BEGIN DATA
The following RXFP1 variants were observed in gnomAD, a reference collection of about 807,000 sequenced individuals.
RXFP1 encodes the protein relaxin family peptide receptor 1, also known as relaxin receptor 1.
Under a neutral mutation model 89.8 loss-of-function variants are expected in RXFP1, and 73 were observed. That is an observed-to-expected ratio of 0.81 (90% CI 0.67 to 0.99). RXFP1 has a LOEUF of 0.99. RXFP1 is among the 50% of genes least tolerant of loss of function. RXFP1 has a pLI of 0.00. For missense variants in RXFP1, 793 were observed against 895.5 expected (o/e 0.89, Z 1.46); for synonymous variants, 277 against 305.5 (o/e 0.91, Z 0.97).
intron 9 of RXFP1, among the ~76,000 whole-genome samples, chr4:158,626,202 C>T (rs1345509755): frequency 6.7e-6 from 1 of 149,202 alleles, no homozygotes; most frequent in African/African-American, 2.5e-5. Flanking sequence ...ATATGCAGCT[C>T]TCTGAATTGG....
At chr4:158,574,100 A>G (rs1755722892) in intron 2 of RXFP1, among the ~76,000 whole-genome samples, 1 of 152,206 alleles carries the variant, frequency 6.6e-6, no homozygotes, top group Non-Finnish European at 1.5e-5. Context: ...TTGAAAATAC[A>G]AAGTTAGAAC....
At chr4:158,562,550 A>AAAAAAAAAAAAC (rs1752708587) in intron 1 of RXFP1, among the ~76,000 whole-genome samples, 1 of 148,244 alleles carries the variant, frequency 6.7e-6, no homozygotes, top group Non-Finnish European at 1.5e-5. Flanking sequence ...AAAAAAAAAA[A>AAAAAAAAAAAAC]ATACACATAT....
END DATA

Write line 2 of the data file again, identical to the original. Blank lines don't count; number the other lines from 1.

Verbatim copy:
RXFP1 encodes the protein relaxin family peptide receptor 1, also known as relaxin receptor 1.